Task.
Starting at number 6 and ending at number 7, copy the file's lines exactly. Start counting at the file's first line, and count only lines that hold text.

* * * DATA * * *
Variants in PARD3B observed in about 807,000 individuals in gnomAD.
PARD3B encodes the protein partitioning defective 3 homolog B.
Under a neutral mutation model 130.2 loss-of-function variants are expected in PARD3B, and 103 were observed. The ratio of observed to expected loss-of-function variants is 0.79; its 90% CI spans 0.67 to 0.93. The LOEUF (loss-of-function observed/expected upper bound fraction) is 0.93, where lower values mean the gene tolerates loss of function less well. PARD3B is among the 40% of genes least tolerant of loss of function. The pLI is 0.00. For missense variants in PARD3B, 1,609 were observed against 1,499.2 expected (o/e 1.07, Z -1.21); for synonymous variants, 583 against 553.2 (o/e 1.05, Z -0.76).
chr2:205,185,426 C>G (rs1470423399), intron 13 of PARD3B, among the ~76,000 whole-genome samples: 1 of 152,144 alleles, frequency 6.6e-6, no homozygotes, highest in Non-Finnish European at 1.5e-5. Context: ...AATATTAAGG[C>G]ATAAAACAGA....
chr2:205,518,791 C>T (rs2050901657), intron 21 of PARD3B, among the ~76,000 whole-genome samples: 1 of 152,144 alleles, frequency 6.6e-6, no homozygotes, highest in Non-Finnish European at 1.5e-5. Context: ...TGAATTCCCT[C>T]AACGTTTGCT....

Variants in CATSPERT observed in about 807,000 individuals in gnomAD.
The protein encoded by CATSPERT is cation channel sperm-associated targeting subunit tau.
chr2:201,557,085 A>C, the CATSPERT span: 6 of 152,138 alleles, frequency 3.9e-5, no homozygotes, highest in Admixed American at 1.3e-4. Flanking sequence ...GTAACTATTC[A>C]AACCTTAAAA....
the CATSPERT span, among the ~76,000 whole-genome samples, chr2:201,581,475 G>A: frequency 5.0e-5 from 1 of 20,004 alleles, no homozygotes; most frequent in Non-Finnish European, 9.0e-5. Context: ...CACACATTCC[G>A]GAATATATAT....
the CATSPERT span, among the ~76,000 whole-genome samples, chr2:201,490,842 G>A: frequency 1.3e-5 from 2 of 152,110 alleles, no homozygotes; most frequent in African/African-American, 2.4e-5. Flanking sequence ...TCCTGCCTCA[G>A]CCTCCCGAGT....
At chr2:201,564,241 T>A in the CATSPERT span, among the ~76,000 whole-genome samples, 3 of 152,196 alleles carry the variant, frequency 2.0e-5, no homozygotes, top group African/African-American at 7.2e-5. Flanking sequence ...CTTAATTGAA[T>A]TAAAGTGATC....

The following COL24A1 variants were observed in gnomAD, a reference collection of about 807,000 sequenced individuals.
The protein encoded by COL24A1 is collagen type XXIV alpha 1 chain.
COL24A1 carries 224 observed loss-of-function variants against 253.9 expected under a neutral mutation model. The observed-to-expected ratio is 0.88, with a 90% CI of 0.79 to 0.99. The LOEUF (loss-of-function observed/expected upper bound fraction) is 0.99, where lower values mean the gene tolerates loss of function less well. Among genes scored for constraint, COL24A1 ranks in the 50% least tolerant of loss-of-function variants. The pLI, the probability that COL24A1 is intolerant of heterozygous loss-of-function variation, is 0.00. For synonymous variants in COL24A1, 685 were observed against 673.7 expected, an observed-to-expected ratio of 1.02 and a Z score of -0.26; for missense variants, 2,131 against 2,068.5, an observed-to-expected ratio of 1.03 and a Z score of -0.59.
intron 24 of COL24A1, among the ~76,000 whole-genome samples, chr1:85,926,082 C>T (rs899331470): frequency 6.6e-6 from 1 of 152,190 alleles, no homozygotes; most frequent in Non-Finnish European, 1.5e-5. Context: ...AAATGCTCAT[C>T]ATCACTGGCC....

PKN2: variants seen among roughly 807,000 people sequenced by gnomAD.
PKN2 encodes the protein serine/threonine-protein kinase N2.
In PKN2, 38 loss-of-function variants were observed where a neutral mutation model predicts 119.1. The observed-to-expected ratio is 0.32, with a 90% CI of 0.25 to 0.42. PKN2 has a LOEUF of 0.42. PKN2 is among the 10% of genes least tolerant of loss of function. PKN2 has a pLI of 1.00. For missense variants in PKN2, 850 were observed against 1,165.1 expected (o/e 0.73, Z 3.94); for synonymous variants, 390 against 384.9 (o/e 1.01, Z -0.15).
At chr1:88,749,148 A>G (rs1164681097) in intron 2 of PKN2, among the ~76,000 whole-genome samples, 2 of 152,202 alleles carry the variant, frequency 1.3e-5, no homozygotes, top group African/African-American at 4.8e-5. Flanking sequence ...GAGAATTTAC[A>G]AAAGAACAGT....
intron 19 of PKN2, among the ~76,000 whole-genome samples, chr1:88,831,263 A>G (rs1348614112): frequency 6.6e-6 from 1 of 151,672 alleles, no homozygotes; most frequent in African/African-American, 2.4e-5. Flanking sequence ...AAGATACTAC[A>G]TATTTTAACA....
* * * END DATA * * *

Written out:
Variants in CATSPERT observed in about 807,000 individuals in gnomAD.
The protein encoded by CATSPERT is cation channel sperm-associated targeting subunit tau.